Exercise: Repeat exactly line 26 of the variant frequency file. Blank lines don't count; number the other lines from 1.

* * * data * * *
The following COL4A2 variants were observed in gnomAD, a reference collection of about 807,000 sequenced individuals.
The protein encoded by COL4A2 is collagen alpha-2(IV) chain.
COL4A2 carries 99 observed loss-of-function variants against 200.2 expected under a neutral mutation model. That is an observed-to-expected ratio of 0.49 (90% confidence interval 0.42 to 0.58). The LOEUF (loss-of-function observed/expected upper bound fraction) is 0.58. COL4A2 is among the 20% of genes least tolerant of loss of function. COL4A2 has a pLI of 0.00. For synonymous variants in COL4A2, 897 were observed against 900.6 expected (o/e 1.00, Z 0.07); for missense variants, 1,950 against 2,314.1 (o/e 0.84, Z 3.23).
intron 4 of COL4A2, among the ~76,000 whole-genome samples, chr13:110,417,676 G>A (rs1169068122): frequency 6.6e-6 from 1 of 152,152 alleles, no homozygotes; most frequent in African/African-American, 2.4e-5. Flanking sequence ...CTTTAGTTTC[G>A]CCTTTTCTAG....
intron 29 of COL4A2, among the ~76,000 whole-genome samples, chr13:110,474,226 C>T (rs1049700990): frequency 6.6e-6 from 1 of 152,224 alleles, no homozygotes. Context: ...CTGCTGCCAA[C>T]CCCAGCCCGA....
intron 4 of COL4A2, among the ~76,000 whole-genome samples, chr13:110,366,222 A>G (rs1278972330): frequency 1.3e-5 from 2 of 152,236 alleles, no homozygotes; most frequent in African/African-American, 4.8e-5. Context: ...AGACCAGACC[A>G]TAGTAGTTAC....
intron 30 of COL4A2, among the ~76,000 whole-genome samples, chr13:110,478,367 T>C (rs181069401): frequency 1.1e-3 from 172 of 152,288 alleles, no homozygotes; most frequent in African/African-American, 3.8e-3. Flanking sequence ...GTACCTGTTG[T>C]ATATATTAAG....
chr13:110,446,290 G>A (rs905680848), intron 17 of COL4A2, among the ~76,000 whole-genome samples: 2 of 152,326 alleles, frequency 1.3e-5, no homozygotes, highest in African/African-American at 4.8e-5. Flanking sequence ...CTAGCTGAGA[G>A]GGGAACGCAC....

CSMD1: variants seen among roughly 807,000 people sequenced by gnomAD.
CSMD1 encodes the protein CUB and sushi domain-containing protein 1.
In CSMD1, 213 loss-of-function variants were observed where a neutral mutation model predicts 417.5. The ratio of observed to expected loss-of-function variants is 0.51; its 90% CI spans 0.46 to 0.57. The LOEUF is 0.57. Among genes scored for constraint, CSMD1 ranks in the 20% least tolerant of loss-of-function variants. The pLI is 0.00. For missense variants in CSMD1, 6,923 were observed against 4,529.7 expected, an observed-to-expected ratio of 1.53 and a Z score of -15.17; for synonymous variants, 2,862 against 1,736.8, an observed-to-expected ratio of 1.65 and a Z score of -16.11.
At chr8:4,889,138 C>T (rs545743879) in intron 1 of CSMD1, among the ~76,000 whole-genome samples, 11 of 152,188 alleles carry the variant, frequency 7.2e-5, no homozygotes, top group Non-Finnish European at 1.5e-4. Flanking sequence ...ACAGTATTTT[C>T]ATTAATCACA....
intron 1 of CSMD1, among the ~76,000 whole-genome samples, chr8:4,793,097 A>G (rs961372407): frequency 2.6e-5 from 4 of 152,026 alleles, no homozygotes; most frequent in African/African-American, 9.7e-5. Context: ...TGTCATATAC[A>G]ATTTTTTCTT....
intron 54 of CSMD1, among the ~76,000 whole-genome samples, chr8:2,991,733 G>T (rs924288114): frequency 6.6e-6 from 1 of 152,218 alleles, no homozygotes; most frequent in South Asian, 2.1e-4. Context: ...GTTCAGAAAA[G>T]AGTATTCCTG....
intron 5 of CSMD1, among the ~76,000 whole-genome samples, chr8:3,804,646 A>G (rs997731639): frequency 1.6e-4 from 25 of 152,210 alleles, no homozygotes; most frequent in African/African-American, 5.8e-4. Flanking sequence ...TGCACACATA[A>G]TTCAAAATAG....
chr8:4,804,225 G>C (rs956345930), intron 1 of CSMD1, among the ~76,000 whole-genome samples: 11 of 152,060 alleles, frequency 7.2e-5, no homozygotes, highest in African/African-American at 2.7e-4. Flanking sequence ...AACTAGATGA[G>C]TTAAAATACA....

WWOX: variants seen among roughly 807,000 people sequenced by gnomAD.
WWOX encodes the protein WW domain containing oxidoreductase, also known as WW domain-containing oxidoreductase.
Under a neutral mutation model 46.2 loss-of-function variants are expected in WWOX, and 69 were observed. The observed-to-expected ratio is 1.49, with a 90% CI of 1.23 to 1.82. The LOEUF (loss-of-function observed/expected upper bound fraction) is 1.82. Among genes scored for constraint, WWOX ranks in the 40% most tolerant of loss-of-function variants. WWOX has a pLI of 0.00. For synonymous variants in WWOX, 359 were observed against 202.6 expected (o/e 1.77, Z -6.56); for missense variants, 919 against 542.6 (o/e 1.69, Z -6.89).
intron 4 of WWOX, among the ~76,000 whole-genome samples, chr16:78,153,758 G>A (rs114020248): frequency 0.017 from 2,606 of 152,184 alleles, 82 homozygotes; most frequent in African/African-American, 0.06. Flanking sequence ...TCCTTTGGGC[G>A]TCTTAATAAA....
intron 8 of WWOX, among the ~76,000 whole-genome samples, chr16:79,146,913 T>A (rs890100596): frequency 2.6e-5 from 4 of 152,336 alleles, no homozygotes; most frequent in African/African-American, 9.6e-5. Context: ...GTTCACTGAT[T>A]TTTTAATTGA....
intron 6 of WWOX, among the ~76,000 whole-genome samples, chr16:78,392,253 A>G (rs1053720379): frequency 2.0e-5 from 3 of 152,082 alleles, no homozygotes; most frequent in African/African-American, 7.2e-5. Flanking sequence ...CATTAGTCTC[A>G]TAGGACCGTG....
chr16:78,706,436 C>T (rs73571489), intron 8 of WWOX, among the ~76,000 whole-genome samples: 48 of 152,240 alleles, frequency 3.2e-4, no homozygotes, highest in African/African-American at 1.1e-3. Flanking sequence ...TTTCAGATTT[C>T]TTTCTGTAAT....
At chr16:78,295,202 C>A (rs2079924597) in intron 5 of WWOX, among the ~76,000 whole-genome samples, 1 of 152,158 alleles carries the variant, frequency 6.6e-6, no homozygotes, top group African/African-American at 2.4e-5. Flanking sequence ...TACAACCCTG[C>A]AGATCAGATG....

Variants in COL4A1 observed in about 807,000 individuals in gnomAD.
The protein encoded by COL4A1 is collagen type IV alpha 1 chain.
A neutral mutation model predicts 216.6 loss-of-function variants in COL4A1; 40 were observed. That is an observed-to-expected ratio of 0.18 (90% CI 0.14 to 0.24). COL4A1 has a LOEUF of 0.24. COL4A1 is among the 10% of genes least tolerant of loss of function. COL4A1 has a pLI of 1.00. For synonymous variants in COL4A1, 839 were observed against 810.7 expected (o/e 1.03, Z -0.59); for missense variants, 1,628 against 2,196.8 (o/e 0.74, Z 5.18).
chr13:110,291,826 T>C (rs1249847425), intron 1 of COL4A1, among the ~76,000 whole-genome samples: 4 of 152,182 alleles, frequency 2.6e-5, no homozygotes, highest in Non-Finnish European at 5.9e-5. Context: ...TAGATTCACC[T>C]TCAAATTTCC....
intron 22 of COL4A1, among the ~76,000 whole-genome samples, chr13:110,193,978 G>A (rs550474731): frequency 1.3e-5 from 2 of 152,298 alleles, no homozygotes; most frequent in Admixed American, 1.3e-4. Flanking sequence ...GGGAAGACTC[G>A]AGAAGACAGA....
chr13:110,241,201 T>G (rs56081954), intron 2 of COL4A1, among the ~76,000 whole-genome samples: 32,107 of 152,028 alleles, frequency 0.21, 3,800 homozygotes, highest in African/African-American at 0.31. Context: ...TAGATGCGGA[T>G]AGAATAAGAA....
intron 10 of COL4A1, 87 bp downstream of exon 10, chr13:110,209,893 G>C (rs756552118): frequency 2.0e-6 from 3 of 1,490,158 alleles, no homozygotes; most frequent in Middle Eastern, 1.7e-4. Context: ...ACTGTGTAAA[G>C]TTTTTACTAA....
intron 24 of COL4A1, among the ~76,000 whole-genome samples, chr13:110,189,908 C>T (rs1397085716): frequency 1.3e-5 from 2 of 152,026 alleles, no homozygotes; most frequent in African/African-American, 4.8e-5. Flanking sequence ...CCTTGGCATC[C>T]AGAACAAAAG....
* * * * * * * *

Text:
The protein encoded by COL4A1 is collagen type IV alpha 1 chain.